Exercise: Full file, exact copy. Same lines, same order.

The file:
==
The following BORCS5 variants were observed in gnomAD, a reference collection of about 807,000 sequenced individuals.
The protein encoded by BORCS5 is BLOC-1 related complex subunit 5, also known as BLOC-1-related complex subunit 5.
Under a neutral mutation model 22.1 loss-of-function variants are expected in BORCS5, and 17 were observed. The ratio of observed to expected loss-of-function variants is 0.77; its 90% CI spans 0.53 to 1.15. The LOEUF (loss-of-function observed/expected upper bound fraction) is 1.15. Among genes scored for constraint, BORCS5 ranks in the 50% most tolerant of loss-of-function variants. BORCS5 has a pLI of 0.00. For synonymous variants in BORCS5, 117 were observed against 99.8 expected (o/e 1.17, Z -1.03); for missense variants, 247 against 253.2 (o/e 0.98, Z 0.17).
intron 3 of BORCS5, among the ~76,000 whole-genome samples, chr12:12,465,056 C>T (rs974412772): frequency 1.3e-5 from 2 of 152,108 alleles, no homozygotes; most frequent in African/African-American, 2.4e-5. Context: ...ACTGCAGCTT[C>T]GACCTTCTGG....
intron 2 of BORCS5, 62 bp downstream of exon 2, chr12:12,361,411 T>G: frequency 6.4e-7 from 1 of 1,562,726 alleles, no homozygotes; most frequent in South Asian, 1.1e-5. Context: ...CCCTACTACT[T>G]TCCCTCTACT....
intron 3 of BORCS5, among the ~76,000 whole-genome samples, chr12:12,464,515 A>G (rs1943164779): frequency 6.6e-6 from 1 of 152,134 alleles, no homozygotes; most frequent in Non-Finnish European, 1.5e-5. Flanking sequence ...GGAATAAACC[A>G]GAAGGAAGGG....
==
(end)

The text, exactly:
The following BORCS5 variants were observed in gnomAD, a reference collection of about 807,000 sequenced individuals.
The protein encoded by BORCS5 is BLOC-1 related complex subunit 5, also known as BLOC-1-related complex subunit 5.
Under a neutral mutation model 22.1 loss-of-function variants are expected in BORCS5, and 17 were observed. The ratio of observed to expected loss-of-function variants is 0.77; its 90% CI spans 0.53 to 1.15. The LOEUF (loss-of-function observed/expected upper bound fraction) is 1.15. Among genes scored for constraint, BORCS5 ranks in the 50% most tolerant of loss-of-function variants. BORCS5 has a pLI of 0.00. For synonymous variants in BORCS5, 117 were observed against 99.8 expected (o/e 1.17, Z -1.03); for missense variants, 247 against 253.2 (o/e 0.98, Z 0.17).
intron 3 of BORCS5, among the ~76,000 whole-genome samples, chr12:12,465,056 C>T (rs974412772): frequency 1.3e-5 from 2 of 152,108 alleles, no homozygotes; most frequent in African/African-American, 2.4e-5. Context: ...ACTGCAGCTT[C>T]GACCTTCTGG....
intron 2 of BORCS5, 62 bp downstream of exon 2, chr12:12,361,411 T>G: frequency 6.4e-7 from 1 of 1,562,726 alleles, no homozygotes; most frequent in South Asian, 1.1e-5. Context: ...CCCTACTACT[T>G]TCCCTCTACT....
intron 3 of BORCS5, among the ~76,000 whole-genome samples, chr12:12,464,515 A>G (rs1943164779): frequency 6.6e-6 from 1 of 152,134 alleles, no homozygotes; most frequent in Non-Finnish European, 1.5e-5. Flanking sequence ...GGAATAAACC[A>G]GAAGGAAGGG....